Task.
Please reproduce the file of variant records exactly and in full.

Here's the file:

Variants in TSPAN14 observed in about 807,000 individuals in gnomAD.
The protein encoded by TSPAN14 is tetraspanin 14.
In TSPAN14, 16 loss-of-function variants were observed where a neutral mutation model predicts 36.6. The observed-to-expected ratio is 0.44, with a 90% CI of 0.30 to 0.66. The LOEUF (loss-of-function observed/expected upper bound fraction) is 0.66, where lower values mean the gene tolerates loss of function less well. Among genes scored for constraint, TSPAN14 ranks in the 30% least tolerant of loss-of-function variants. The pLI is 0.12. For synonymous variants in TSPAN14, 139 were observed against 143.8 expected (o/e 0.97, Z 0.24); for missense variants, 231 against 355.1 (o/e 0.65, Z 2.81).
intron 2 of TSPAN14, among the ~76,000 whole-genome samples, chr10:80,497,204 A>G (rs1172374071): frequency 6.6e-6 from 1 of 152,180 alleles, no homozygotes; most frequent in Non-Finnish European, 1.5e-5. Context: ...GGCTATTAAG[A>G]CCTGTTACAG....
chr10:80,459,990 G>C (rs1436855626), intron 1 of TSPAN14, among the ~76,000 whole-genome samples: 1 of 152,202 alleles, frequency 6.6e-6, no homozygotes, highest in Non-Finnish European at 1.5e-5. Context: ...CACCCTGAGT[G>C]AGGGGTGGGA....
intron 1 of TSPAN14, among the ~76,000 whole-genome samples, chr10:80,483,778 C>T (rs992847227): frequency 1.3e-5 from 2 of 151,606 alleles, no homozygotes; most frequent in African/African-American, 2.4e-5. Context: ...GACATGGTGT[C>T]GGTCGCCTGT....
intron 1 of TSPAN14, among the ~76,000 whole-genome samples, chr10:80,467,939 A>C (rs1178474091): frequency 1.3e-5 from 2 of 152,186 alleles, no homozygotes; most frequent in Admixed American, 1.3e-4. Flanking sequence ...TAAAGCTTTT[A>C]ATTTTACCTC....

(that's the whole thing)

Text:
Variants in TSPAN14 observed in about 807,000 individuals in gnomAD.
The protein encoded by TSPAN14 is tetraspanin 14.
In TSPAN14, 16 loss-of-function variants were observed where a neutral mutation model predicts 36.6. The observed-to-expected ratio is 0.44, with a 90% CI of 0.30 to 0.66. The LOEUF (loss-of-function observed/expected upper bound fraction) is 0.66, where lower values mean the gene tolerates loss of function less well. Among genes scored for constraint, TSPAN14 ranks in the 30% least tolerant of loss-of-function variants. The pLI is 0.12. For synonymous variants in TSPAN14, 139 were observed against 143.8 expected (o/e 0.97, Z 0.24); for missense variants, 231 against 355.1 (o/e 0.65, Z 2.81).
intron 2 of TSPAN14, among the ~76,000 whole-genome samples, chr10:80,497,204 A>G (rs1172374071): frequency 6.6e-6 from 1 of 152,180 alleles, no homozygotes; most frequent in Non-Finnish European, 1.5e-5. Context: ...GGCTATTAAG[A>G]CCTGTTACAG....
chr10:80,459,990 G>C (rs1436855626), intron 1 of TSPAN14, among the ~76,000 whole-genome samples: 1 of 152,202 alleles, frequency 6.6e-6, no homozygotes, highest in Non-Finnish European at 1.5e-5. Context: ...CACCCTGAGT[G>C]AGGGGTGGGA....
intron 1 of TSPAN14, among the ~76,000 whole-genome samples, chr10:80,483,778 C>T (rs992847227): frequency 1.3e-5 from 2 of 151,606 alleles, no homozygotes; most frequent in African/African-American, 2.4e-5. Context: ...GACATGGTGT[C>T]GGTCGCCTGT....
intron 1 of TSPAN14, among the ~76,000 whole-genome samples, chr10:80,467,939 A>C (rs1178474091): frequency 1.3e-5 from 2 of 152,186 alleles, no homozygotes; most frequent in Admixed American, 1.3e-4. Flanking sequence ...TAAAGCTTTT[A>C]ATTTTACCTC....